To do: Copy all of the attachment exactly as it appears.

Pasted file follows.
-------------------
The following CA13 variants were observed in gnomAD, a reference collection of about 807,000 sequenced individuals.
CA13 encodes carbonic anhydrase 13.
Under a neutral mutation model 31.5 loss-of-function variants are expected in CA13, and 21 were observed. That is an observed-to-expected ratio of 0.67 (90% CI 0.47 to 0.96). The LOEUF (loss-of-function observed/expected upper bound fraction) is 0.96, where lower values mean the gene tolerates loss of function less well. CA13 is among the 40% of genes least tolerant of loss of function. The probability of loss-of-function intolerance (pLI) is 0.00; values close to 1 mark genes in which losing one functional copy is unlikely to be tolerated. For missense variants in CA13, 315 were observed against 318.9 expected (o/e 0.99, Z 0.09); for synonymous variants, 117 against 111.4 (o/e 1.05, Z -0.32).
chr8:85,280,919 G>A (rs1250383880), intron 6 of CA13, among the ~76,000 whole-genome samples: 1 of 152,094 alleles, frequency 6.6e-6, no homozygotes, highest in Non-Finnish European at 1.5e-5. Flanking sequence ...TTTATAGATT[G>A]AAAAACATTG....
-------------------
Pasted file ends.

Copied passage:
The following CA13 variants were observed in gnomAD, a reference collection of about 807,000 sequenced individuals.
CA13 encodes carbonic anhydrase 13.
Under a neutral mutation model 31.5 loss-of-function variants are expected in CA13, and 21 were observed. That is an observed-to-expected ratio of 0.67 (90% CI 0.47 to 0.96). The LOEUF (loss-of-function observed/expected upper bound fraction) is 0.96, where lower values mean the gene tolerates loss of function less well. CA13 is among the 40% of genes least tolerant of loss of function. The probability of loss-of-function intolerance (pLI) is 0.00; values close to 1 mark genes in which losing one functional copy is unlikely to be tolerated. For missense variants in CA13, 315 were observed against 318.9 expected (o/e 0.99, Z 0.09); for synonymous variants, 117 against 111.4 (o/e 1.05, Z -0.32).
chr8:85,280,919 G>A (rs1250383880), intron 6 of CA13, among the ~76,000 whole-genome samples: 1 of 152,094 alleles, frequency 6.6e-6, no homozygotes, highest in Non-Finnish European at 1.5e-5. Flanking sequence ...TTTATAGATT[G>A]AAAAACATTG....